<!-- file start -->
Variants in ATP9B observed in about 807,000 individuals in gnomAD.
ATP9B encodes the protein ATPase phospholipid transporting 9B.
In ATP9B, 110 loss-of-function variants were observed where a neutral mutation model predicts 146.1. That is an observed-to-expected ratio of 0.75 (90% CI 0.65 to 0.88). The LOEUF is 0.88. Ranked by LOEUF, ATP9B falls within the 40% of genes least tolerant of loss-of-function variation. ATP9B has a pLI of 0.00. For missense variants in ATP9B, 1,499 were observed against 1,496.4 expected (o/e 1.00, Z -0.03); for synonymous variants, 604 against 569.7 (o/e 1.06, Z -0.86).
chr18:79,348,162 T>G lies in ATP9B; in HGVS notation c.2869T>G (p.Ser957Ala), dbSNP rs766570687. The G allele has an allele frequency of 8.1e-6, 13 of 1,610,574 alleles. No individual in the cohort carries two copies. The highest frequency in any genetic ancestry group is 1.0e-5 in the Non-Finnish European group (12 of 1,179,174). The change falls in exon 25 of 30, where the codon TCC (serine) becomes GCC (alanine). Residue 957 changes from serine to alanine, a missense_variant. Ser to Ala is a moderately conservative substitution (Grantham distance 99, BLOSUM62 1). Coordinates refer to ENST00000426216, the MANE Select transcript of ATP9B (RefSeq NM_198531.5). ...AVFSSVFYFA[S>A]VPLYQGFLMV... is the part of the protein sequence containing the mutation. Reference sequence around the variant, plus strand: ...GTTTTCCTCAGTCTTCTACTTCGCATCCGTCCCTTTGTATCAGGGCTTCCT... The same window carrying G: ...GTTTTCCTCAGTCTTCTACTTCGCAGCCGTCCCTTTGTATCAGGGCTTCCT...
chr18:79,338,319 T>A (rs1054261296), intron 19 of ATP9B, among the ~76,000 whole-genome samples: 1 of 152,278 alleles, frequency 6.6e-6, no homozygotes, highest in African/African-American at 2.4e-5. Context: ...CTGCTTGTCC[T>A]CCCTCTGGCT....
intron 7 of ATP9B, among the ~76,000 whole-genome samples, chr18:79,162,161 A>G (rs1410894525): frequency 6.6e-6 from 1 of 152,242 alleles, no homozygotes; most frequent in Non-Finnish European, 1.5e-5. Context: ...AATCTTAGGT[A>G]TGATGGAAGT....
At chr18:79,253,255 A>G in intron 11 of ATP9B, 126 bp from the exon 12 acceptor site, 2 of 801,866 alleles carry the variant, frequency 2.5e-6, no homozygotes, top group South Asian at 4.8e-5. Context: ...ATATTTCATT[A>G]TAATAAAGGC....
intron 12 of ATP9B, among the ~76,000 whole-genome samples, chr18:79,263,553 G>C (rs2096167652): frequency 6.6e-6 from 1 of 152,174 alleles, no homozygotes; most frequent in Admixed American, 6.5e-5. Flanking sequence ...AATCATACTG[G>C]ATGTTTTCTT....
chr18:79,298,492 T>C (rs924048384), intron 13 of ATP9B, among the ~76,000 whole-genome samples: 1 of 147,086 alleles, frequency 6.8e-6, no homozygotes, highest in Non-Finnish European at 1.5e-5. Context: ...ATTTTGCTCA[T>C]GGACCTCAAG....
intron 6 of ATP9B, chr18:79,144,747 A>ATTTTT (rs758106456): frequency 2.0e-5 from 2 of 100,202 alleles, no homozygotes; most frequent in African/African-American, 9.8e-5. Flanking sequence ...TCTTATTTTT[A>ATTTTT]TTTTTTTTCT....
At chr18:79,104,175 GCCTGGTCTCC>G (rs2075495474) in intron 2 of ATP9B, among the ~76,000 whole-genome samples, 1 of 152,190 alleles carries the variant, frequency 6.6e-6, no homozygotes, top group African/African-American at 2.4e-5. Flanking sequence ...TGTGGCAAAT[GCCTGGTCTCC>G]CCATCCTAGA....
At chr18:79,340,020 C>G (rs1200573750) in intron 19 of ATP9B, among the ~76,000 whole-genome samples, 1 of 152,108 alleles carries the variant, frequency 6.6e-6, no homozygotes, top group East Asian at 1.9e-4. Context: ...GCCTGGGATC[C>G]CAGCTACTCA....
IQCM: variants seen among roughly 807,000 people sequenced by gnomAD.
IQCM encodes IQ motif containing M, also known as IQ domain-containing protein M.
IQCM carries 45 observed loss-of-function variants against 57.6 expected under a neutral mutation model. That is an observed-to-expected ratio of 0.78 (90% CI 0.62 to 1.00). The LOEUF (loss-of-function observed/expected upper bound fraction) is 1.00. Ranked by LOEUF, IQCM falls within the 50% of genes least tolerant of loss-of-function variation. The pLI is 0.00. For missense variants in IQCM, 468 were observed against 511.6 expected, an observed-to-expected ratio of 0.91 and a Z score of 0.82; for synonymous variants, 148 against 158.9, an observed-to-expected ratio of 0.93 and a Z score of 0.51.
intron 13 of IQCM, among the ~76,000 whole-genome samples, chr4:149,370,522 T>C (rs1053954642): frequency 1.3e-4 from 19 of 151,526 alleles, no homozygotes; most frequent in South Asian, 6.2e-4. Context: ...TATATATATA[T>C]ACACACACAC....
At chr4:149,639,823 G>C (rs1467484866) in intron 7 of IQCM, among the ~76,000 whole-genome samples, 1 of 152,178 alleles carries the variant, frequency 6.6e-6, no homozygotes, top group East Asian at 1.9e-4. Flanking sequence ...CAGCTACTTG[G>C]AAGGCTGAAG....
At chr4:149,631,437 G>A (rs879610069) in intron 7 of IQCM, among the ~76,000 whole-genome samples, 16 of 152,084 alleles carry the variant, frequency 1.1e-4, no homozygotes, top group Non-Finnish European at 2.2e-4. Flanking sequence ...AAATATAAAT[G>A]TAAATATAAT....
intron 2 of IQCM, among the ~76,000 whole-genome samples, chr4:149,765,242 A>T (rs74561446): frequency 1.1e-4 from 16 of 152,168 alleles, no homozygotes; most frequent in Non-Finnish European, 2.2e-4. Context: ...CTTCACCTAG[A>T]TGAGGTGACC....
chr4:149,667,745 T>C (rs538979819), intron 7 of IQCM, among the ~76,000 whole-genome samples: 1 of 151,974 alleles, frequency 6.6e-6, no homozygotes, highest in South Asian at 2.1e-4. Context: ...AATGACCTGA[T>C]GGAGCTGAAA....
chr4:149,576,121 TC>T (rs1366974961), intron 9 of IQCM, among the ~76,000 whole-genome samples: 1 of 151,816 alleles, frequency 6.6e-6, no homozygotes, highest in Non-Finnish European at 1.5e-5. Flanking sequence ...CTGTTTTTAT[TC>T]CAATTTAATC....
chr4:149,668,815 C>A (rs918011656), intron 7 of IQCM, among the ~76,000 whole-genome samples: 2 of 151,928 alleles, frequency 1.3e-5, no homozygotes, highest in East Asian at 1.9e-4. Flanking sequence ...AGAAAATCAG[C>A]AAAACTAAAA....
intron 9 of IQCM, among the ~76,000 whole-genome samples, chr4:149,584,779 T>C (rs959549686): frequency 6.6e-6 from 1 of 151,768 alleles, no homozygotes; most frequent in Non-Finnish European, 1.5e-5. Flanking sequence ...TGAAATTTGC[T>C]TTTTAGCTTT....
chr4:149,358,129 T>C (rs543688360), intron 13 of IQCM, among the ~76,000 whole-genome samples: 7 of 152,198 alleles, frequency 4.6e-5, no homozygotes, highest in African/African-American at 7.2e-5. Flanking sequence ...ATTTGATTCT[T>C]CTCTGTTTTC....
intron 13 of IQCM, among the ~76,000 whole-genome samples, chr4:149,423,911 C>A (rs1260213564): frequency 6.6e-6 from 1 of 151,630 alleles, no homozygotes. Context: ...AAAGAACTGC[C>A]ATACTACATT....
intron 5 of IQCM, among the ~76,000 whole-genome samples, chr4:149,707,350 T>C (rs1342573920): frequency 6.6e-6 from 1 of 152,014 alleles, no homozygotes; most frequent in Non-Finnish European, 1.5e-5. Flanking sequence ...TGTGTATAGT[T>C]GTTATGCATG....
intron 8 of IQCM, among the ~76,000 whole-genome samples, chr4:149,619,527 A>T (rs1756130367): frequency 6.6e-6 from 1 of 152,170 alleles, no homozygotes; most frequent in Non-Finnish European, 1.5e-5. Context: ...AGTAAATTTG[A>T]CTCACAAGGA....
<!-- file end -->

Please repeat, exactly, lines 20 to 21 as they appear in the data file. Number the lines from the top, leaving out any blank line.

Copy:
chr4:149,667,745 T>C (rs538979819), intron 7 of IQCM, among the ~76,000 whole-genome samples: 1 of 151,974 alleles, frequency 6.6e-6, no homozygotes, highest in South Asian at 2.1e-4. Context: ...AATGACCTGA[T>C]GGAGCTGAAA....
chr4:149,576,121 TC>T (rs1366974961), intron 9 of IQCM, among the ~76,000 whole-genome samples: 1 of 151,816 alleles, frequency 6.6e-6, no homozygotes, highest in Non-Finnish European at 1.5e-5. Flanking sequence ...CTGTTTTTAT[TC>T]CAATTTAATC....